Today I would like to share my experiences with Tommy's schooling.

When my son was 2.5 to 3 years old and on his way into autism, he attended pre-nursery which is part of the British International School where he now attends Year 2.

His pre-nursery teachers could clearly see he was different to his peers. He was sad and quiet, he was non verbal. He showed no interest at all in the other children or their activities. He was just a lonely little soul, lost in his own world and repetitive behaviour.

When I returned from the Son-Rise training course the teachers were eager to hear about the Son-Rise principles, and particularly, the concept of a loving, non-judgmental therapy which would help our son.

To enable our son to feel more comfortable and safe we privately arranged a one to one helper, and familiarised her with the Son-Rise techniques. For years, Tommy was attending school for only 3 hours in the morning, and the rest of the day I would continue the Son-Rise Program at our home and in the play room.

As a mainstream international school, we could not expect any special treatment for our son. If we wanted him he to remain in this school with good and caring teachers, we knew it was our responsibility to engage a helper for Tommy to enable this.

We worked closely with his teachers, and always kept them informed about any new interventions we were implementing.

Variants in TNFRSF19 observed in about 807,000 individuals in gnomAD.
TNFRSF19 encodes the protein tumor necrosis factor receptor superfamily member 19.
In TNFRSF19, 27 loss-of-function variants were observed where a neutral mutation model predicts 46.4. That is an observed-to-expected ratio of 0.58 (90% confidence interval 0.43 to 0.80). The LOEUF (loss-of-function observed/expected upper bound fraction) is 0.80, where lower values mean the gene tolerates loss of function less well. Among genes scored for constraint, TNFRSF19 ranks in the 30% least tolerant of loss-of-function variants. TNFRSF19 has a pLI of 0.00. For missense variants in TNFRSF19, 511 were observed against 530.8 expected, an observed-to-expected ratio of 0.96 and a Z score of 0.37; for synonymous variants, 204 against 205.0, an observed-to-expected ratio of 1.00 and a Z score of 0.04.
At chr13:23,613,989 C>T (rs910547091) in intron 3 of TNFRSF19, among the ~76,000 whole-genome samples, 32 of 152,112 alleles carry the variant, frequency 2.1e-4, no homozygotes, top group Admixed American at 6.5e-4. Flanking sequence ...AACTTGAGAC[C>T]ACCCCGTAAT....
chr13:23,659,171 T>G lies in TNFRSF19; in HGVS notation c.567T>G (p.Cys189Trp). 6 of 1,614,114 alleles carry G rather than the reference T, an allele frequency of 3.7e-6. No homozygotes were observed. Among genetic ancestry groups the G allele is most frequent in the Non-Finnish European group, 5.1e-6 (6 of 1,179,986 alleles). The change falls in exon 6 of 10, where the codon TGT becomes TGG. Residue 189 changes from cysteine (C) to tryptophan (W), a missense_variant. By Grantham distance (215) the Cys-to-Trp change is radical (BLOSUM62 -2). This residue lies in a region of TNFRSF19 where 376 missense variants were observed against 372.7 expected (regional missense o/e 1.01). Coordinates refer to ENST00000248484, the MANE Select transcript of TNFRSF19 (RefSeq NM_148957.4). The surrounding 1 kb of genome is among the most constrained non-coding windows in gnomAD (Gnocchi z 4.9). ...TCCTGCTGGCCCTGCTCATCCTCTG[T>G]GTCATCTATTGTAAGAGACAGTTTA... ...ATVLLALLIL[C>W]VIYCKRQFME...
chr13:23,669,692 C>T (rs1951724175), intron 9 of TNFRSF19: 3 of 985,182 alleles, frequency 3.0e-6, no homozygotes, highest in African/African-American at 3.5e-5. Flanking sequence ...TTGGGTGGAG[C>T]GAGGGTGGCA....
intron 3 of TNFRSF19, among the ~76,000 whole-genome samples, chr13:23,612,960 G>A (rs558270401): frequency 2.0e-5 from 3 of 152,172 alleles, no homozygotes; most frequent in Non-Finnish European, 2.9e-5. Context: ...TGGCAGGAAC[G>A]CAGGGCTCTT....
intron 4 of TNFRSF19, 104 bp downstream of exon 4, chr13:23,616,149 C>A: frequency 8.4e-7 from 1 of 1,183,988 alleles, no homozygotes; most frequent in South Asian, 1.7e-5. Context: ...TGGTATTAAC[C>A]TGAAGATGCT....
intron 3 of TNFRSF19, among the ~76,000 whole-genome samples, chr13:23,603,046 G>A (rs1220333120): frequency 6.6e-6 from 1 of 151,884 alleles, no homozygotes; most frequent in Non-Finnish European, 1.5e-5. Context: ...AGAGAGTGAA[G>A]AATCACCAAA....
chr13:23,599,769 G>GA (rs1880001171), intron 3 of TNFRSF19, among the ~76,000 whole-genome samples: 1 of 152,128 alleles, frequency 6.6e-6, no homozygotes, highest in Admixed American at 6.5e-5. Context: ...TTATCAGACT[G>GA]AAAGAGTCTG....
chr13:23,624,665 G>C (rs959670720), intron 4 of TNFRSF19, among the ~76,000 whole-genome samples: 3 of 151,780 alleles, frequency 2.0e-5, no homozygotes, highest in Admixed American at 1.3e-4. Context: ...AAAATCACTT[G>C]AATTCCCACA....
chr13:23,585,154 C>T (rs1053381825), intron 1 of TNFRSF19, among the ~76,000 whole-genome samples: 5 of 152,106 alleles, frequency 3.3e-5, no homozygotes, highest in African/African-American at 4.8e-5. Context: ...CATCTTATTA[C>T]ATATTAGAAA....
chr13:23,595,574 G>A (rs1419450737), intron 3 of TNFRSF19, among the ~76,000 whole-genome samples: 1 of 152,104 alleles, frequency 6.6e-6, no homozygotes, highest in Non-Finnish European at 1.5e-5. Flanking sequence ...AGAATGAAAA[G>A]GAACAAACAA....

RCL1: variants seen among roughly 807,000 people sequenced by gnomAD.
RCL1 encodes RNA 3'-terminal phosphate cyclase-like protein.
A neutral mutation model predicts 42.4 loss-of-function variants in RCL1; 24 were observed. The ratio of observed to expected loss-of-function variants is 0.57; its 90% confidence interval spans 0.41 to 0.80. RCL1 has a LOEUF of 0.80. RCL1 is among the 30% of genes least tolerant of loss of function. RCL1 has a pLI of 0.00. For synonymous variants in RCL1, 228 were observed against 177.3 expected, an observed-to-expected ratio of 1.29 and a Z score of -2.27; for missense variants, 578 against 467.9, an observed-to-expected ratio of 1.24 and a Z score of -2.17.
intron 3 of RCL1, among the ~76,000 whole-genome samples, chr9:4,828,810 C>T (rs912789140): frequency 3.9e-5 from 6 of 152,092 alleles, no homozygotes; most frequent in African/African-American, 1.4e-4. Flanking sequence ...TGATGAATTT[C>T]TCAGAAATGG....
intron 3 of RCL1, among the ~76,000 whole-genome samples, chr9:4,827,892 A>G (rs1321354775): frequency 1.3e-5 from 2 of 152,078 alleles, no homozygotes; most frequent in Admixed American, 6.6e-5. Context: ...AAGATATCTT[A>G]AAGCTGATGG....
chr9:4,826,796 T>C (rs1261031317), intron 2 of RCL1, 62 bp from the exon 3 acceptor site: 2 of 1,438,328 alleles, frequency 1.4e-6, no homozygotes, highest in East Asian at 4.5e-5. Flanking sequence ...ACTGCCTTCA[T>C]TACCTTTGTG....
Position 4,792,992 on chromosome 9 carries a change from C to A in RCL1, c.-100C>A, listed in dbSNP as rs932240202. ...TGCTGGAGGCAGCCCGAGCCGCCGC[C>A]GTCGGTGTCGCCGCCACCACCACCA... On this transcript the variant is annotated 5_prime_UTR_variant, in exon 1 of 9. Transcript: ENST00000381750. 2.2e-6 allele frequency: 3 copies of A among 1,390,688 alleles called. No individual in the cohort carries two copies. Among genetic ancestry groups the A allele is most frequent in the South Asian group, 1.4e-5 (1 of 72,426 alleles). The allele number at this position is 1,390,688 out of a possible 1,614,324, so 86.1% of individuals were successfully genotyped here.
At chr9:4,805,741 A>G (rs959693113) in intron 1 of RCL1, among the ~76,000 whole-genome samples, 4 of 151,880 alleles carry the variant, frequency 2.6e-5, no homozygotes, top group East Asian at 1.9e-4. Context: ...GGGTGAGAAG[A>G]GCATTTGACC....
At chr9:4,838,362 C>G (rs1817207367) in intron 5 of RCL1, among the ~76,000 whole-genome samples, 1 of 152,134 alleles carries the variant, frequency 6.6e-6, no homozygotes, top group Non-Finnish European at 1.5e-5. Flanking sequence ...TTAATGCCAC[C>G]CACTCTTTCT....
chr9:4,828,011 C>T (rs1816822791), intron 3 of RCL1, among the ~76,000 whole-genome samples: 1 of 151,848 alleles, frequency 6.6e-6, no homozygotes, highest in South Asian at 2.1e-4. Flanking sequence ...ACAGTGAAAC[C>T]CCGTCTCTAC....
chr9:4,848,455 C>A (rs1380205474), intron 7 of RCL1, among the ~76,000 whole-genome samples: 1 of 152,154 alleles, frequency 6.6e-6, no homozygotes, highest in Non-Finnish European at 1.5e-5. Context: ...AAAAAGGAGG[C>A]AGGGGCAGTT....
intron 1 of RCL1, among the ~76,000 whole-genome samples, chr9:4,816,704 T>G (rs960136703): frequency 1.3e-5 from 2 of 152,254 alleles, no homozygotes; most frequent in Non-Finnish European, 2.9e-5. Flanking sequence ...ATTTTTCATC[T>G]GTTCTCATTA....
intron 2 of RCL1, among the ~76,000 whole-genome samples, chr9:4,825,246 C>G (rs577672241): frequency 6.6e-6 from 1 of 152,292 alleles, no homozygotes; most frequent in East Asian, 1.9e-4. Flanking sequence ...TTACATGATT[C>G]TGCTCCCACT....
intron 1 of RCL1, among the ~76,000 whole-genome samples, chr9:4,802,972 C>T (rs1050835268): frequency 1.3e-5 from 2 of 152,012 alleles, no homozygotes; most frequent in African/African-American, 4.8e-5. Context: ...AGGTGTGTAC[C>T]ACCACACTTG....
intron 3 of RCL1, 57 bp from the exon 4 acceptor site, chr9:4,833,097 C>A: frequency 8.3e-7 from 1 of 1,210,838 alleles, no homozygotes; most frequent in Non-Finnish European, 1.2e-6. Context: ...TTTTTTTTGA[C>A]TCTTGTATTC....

Of course, it was not only the Son-Rise Program, there were major dietary changes, chelation and other holistic approaches, which helped our son recover.

I believe the teachers could see how we were trying to do our best for our son, and when, little by little they began to see positive changes in Tommy they were keen to support us.

I remember when I once went to collect Tommy from school, the pre-nursery teacher came rushing to me, so excited because she heard him say 'bah' when the children were singing the nursery rhyme 'Bah, Bah Black Sheep'.

Another occasion which is imprinted on my mind is when Tommy could talk a little, but was in the echoalic stage (repeating everything back). His foundation 1 teacher asked 'How are you Tommy?' - of course he replied 'How are you Tommy?' His teacher smiled and said 'He will get there!' And you know what? She was right!

The teacher's attitude and support helped me stay strong and positive.

I would never blame the teachers for not being able to handle my child, who was clearly having problems. Also why should his peers suffer because of his behaviour?

Instead of blaming 'Whatever' or 'Whomever' for our children's problems and expecting others to deal with it, we, as parents need to take responsibility: are we doing the maximum we can to help our child?

We can ignore the problem - but that doesn't mean it will go away - No! It will become even bigger!

So do your very best pull out all the stops!

To help you even more, I’ve made four educational video lessons, which help Autism parents tackle some common problems.

The course is for free at: Mini course